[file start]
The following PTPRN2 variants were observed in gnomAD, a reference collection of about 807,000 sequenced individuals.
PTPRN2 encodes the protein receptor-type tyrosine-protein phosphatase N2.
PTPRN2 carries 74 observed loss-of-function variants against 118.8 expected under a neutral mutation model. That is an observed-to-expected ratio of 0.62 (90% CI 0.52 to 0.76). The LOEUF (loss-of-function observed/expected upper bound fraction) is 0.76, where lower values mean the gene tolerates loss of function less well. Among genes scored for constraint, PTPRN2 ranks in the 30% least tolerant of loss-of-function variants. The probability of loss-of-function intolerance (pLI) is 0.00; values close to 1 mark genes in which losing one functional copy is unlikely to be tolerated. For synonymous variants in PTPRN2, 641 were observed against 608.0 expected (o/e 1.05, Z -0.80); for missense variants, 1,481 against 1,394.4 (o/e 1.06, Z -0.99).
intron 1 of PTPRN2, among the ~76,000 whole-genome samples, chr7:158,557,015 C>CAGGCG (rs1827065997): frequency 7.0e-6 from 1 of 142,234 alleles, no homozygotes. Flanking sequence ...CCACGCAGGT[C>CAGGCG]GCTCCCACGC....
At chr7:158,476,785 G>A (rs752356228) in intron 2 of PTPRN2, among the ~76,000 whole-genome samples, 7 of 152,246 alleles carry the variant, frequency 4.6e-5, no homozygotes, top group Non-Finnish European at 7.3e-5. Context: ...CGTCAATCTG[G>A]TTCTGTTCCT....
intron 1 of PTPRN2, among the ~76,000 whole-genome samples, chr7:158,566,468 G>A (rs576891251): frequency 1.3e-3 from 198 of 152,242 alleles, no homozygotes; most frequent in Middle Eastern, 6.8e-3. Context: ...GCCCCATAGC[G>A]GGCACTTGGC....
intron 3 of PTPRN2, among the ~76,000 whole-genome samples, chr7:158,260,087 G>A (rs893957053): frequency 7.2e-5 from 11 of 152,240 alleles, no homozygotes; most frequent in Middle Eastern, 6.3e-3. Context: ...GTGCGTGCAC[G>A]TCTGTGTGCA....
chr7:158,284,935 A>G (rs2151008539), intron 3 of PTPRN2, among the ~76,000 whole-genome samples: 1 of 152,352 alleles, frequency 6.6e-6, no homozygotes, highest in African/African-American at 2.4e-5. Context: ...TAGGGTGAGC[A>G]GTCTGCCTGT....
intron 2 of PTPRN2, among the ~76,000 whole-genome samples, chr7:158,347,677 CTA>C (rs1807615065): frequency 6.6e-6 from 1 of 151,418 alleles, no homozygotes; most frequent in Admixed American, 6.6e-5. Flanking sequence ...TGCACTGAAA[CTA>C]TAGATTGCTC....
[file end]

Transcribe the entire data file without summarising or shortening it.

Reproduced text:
The following PTPRN2 variants were observed in gnomAD, a reference collection of about 807,000 sequenced individuals.
PTPRN2 encodes the protein receptor-type tyrosine-protein phosphatase N2.
PTPRN2 carries 74 observed loss-of-function variants against 118.8 expected under a neutral mutation model. That is an observed-to-expected ratio of 0.62 (90% CI 0.52 to 0.76). The LOEUF (loss-of-function observed/expected upper bound fraction) is 0.76, where lower values mean the gene tolerates loss of function less well. Among genes scored for constraint, PTPRN2 ranks in the 30% least tolerant of loss-of-function variants. The probability of loss-of-function intolerance (pLI) is 0.00; values close to 1 mark genes in which losing one functional copy is unlikely to be tolerated. For synonymous variants in PTPRN2, 641 were observed against 608.0 expected (o/e 1.05, Z -0.80); for missense variants, 1,481 against 1,394.4 (o/e 1.06, Z -0.99).
intron 1 of PTPRN2, among the ~76,000 whole-genome samples, chr7:158,557,015 C>CAGGCG (rs1827065997): frequency 7.0e-6 from 1 of 142,234 alleles, no homozygotes. Flanking sequence ...CCACGCAGGT[C>CAGGCG]GCTCCCACGC....
At chr7:158,476,785 G>A (rs752356228) in intron 2 of PTPRN2, among the ~76,000 whole-genome samples, 7 of 152,246 alleles carry the variant, frequency 4.6e-5, no homozygotes, top group Non-Finnish European at 7.3e-5. Context: ...CGTCAATCTG[G>A]TTCTGTTCCT....
intron 1 of PTPRN2, among the ~76,000 whole-genome samples, chr7:158,566,468 G>A (rs576891251): frequency 1.3e-3 from 198 of 152,242 alleles, no homozygotes; most frequent in Middle Eastern, 6.8e-3. Context: ...GCCCCATAGC[G>A]GGCACTTGGC....
intron 3 of PTPRN2, among the ~76,000 whole-genome samples, chr7:158,260,087 G>A (rs893957053): frequency 7.2e-5 from 11 of 152,240 alleles, no homozygotes; most frequent in Middle Eastern, 6.3e-3. Context: ...GTGCGTGCAC[G>A]TCTGTGTGCA....
chr7:158,284,935 A>G (rs2151008539), intron 3 of PTPRN2, among the ~76,000 whole-genome samples: 1 of 152,352 alleles, frequency 6.6e-6, no homozygotes, highest in African/African-American at 2.4e-5. Context: ...TAGGGTGAGC[A>G]GTCTGCCTGT....
intron 2 of PTPRN2, among the ~76,000 whole-genome samples, chr7:158,347,677 CTA>C (rs1807615065): frequency 6.6e-6 from 1 of 151,418 alleles, no homozygotes; most frequent in Admixed American, 6.6e-5. Flanking sequence ...TGCACTGAAA[CTA>C]TAGATTGCTC....